In August, Sean Ryan published his first book entitled Get in Gear: The Seven Gears that Drive Strategy to Results, which helps business leaders convert business strategy to measurable results. When I spoke with Sean this month, I asked him: “Why do organizations rarely get it right when it comes to achieving the expected results from their strategic planning?” Here is his complete answer:
It’s well documented that 75% to 90% of organizations fall short of achieving the results they expect from their strategies. Sometimes, it really is just a matter of a bad strategy regardless of how well it’s executed. Maybe it’s a bad acquisition. Maybe it’s a poorly thought out effort into new markets or with new products or services. Maybe it’s New Coke! Most of the time, though, it’s a matter of a good plan poorly executed. Execution failures often occur because:
- the organization doesn’t have the right people in the right roles with the right capabilities to execute, or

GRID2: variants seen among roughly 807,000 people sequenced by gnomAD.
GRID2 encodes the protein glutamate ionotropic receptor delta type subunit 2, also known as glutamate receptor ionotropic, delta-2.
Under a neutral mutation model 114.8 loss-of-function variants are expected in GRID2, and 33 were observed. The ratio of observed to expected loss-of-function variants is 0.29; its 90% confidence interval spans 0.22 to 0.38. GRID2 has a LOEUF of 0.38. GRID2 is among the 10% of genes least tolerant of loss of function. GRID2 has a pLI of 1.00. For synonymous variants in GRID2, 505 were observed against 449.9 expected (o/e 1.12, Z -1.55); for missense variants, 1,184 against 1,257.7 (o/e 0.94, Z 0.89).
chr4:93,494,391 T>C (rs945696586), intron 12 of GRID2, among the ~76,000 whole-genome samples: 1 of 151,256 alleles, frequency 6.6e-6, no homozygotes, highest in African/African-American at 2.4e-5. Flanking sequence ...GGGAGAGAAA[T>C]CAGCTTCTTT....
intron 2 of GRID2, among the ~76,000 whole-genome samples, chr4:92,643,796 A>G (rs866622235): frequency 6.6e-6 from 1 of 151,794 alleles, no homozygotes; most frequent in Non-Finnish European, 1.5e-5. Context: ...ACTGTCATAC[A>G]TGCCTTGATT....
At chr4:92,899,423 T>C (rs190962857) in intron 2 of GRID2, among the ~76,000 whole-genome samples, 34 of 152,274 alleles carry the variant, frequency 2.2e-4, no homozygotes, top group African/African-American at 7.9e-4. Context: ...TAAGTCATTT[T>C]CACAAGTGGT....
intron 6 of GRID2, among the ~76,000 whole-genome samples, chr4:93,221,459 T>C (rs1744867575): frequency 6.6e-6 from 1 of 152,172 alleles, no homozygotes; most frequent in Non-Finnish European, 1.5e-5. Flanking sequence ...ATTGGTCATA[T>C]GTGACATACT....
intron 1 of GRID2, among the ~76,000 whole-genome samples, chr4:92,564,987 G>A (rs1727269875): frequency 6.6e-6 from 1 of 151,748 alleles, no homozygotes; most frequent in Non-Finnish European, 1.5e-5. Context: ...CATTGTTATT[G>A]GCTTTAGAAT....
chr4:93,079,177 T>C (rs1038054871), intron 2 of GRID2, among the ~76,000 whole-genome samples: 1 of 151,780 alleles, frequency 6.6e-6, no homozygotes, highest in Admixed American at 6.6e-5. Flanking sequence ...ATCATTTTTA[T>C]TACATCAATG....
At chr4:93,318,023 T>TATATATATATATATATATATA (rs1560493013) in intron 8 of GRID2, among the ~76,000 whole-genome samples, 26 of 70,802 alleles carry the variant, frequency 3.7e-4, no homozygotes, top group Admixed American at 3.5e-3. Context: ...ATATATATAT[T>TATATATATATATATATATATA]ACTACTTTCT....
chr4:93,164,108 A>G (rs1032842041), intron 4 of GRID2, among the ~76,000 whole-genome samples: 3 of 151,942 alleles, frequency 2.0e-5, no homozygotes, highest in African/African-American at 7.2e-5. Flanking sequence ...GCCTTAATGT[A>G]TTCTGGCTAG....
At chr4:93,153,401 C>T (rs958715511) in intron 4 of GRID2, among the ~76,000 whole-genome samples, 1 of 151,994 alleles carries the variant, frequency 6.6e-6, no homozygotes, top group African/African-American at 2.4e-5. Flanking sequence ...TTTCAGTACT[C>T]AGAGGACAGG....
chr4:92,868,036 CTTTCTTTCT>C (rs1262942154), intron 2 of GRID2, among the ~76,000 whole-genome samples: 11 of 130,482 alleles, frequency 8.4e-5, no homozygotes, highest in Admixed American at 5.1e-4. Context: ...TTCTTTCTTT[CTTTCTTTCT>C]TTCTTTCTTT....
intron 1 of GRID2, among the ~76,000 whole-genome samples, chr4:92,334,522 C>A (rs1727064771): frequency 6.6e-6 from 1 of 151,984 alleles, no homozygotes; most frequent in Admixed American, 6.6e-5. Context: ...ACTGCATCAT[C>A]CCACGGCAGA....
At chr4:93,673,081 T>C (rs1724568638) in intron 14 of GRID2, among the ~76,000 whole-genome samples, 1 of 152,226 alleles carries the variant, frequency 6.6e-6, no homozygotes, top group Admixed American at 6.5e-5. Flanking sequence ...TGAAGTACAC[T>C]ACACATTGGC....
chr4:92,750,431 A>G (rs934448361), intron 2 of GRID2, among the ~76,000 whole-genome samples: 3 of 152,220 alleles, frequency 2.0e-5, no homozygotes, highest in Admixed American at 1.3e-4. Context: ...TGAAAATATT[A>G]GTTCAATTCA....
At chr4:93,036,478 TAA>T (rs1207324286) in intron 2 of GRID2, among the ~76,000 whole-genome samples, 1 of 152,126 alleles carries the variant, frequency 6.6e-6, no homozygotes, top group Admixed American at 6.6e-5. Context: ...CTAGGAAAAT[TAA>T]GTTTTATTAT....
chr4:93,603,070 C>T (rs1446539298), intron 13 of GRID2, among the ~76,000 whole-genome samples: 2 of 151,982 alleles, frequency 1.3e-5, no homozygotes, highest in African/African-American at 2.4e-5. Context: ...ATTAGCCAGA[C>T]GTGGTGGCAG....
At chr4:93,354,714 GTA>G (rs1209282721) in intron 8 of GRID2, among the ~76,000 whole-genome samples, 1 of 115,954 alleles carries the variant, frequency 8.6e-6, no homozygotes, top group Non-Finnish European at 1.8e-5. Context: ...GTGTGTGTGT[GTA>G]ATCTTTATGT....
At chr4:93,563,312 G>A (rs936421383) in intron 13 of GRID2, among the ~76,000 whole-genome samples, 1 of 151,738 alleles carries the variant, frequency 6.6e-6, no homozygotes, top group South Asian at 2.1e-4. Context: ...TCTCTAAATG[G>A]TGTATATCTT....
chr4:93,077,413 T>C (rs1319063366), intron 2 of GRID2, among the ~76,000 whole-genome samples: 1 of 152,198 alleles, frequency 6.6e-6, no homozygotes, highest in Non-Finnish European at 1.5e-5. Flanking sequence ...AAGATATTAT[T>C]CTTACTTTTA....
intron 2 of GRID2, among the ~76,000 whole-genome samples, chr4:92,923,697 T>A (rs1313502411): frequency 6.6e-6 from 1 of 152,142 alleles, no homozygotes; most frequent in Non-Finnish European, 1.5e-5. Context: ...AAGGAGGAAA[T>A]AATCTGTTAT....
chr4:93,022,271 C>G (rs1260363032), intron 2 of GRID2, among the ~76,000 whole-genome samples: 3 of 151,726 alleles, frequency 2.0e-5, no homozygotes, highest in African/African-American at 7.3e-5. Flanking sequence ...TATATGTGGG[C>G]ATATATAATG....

- the organization’s architecture (systems, structures, processes, and culture) isn’t aligned to the strategy, or
- the daily efforts of their team members are disconnected from the strategy.
In Get in Gear: The Seven Gears that Drive Strategy to Results, we outline some of the failure points and how organization’s can better align the seven gears to the results that matter.
Here’s a really common one: We ask people to outline their top five goals. Then, we ask their leaders to outline what they think the top five goals are. On average, only two out of five match. That means that 60% of the time people are working on the wrong priorities. It’s hard to achieve great results when people are working on the wrong stuff!
You don’t have to fix all seven gears at once. You can pick the one or two that create the most friction and fix them. You’ll likely get at least somewhat better results. Then, you can work on another to get even better results.
Over time, individuals and organizations can bring all the gears into much better alignment and achieve dramatically better results for both themselves and the broader organization.
What is your experience with strategic planning? What do you think of Sean's take on the failure points and how to rectify them?
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